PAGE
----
Having checked the weather before I left, I still managed to be an idiot and wore black jeans and a jumper whilst most people were in shorts and bikinis...but the beach is my favourite place and couldn't leave without spending at least an hour soaking up the sun. I then made my way to Cabo da Roca, which meant a sand-filled 30 minute bus ride.

cabo de roca

Cabo da Roca is the most westerly point of mainland Europe and that's probably the only reason to visit. There's not much to see and you'd probably spend an hour here at most, but it does provide Insta-worthy pics, so I suggest going when visiting Cascais or Sintra as it's accessible from both.

There's very little protection around the edges of the cliffs, so trying to walk whilst you're holding a camera and a tripod with a bit of wind takes a lot of concentration. 

cabo de roca

cabo de roca

It was one of my must-sees for my trip and I recommend anyone visiting Lisbon to add it to their itinerary, especially if you're on a budget as it's free to attend (though the bus fare is €4 each way)

Have you been to Cabo da Roca? If not, would you want to visit?

Cabo da Roca: the edge of Europe

9.1.18
November isn't one of my favourite months, mainly because it's always super cold in my city, so being on the beach in 19 degree ...

When planning my trip to Lisbon, Sintra was top of the list.
It's often referred to as the "Portuguese Disneyland" and after visiting, I can see why.

Sintra is located around 40 minutes outside of Lisbon and is easily accessible via the train. The main attractions are dotted across the steep hills of the picturesque town but thankfully, the 434 bus was designed for visitors to see all the sights.



I went during the low season and on a Monday, so it wasn't overcrowded but was still fairly busy. I arrived early afternoon, which isn't enough for all five sights, so my top choices were Castelo dos Mouros and Pena Palace, both of which I had plenty of time to explore.




The Castelo dos Mouros was one of the highlights of my trip and provided me with some of the best views. Again, great views come at a price as there's a lot of walking involved, but definitely worth it!




Pena Palace is responsible for Sintra's Disneyland comparisons and was an absolute must during my 6 days in Portugal. My camera died and isn't the greatest, but it still captured the beauty of the architecture.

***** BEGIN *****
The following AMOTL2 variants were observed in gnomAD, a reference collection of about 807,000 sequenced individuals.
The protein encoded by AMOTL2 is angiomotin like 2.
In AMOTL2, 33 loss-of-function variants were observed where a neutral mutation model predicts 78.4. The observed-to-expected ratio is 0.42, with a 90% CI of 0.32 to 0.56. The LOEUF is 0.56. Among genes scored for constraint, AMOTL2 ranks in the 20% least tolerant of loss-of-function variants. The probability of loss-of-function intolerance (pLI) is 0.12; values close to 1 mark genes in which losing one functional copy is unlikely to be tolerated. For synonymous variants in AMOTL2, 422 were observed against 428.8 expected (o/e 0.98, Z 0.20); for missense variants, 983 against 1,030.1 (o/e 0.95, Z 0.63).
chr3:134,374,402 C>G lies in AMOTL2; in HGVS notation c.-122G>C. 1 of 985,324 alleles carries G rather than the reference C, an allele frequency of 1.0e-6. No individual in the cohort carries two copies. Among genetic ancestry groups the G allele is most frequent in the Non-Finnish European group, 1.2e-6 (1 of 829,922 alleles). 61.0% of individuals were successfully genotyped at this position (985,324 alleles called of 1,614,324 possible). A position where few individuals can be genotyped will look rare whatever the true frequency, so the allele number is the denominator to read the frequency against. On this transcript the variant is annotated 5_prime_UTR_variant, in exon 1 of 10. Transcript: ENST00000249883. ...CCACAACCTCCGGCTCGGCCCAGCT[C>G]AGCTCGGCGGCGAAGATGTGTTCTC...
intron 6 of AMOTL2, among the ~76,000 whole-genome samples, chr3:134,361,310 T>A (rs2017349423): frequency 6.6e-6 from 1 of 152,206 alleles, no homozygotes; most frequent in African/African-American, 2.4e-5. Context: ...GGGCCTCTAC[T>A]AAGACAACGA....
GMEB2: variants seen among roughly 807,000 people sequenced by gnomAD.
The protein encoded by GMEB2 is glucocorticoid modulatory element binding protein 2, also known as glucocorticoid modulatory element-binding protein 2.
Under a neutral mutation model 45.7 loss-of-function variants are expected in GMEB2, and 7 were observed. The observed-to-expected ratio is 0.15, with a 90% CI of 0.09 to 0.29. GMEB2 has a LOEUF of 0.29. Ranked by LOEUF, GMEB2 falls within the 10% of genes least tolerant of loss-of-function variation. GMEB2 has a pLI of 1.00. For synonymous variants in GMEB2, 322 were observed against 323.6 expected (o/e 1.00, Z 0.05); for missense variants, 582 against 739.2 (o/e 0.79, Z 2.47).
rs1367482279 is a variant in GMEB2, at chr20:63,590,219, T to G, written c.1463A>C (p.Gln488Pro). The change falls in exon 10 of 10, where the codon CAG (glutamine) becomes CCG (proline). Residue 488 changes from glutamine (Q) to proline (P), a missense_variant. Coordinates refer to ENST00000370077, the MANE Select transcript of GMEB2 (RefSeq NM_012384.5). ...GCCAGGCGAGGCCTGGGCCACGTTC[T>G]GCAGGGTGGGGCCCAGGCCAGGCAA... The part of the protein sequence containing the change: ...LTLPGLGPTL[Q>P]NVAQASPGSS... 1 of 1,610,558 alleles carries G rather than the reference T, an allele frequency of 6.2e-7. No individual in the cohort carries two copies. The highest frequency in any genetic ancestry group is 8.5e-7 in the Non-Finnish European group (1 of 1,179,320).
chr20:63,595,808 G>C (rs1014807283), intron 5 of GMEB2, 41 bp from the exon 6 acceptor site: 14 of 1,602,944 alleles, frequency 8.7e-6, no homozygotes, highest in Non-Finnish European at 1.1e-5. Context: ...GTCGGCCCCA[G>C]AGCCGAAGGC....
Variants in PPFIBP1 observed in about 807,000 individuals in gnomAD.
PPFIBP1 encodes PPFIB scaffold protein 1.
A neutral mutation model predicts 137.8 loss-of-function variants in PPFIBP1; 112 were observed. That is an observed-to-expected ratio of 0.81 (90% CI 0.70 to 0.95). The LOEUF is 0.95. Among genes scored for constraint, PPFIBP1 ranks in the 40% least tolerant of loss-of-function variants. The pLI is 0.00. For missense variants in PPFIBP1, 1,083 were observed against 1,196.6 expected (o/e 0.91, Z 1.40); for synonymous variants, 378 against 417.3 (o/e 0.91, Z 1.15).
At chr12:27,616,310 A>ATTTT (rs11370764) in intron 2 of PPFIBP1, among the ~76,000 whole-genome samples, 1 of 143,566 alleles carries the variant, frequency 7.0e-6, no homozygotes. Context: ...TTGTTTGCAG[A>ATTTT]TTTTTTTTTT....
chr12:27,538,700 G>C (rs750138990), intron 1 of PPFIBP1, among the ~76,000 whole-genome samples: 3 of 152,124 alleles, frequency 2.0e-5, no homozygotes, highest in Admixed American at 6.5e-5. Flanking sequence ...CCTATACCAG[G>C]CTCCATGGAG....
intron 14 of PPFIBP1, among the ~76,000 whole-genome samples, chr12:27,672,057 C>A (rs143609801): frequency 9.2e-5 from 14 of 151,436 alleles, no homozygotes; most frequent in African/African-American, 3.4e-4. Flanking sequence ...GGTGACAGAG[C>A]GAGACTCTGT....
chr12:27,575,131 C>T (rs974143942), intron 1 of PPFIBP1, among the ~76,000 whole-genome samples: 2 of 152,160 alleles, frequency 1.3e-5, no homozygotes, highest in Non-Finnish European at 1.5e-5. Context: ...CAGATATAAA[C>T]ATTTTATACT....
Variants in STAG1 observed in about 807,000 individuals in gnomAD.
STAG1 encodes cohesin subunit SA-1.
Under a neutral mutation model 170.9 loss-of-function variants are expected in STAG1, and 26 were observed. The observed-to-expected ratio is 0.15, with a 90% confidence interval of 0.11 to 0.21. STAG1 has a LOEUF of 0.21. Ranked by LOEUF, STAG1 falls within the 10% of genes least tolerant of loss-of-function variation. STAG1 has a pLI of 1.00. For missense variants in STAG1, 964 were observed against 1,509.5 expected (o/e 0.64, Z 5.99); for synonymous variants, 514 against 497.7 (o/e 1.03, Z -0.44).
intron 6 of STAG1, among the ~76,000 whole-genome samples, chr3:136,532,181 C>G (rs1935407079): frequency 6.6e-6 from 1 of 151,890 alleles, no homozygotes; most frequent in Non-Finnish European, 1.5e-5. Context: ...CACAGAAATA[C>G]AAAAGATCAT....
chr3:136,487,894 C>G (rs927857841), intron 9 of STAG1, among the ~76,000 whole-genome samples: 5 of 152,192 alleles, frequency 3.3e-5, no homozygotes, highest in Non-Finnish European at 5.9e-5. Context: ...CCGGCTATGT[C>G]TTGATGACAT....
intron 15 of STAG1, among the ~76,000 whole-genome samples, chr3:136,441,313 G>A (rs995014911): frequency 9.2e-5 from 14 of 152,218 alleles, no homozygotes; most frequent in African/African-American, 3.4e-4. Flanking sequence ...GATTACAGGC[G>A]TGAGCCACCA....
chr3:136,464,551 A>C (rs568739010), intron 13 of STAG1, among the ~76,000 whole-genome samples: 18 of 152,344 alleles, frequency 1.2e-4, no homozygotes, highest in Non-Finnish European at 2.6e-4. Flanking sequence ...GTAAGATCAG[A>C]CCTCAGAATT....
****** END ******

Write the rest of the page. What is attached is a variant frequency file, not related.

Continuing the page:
Quick tips:

  • Go early in the morning and on a weekday if possible 
  • Bring extra cash for the shuttle bus to Castelo dos Mouros (or walk up another hill)
  • BRING FOOD - other than the town, there's hardly anywhere to eat around the sights 
  • Buy a combined ticket for the sights as it's cheaper
  • There's a lot of walking involved, so wear comfortable shoes
The architecture, the details, the nature - Sintra is a beautiful town and will definitely see me again.

Sintra: The Jewel of Portugal

11.12.17
When planning my trip to Lisbon, Sintra was top of the list. It's often referred to as the "Portuguese Disneyland" and aft...
Lisbon solo vlog

It's only been a few days since my first solo trip and I've jumped right back into work, so I'm still processing it. Update below!

Upon my arrival, I was greeted with sunshine and palm trees, so I started my trip on a good note. I stayed in Alfama, one of the older and STEEPEST districts, and as beautiful as it was, my calves have never worked so much! 


Public transport is super effective and WAY cheaper than London but the Portuguese city is best explored on foot, so comfortable shoes are an absolute must  if you plan on sightseeing and especially if you plan on visiting Alfama.

I took a fairly different route to and from my Airbnb almost every time due to the maze-like streets - basically I kept getting lost - and discovered some pretty cool artwork and cute cafes by the dozen.

My favourite thing about travelling are views like this. I could do nothing else on my travels but see views like this (and eat, of course) and I’m happy. Viewpoints are dotted across the city; São Jorge Castle has some of the best.














I took virtually no photos of any food as it was so good, I dived straight in. Bacalhau was my favourite, a fish cake of sorts, and as a lover of seafood, my options were endless. Salmon, cod, prawns, sardines...endless.


Confession, though I did plan on trying a pastry from Pastéis de Belém, I didn’t because that queue wasn’t worth it for I’d probably dislike. Next time.











I find it quite difficult to condense a trip into a blog post without it being super long or dragged across several posts and found making a vlog much easier. I have more photos over on the 'gram.

Upcoming Lisbon posts on Sintra, Cascais and the best in street art, so stay tuned.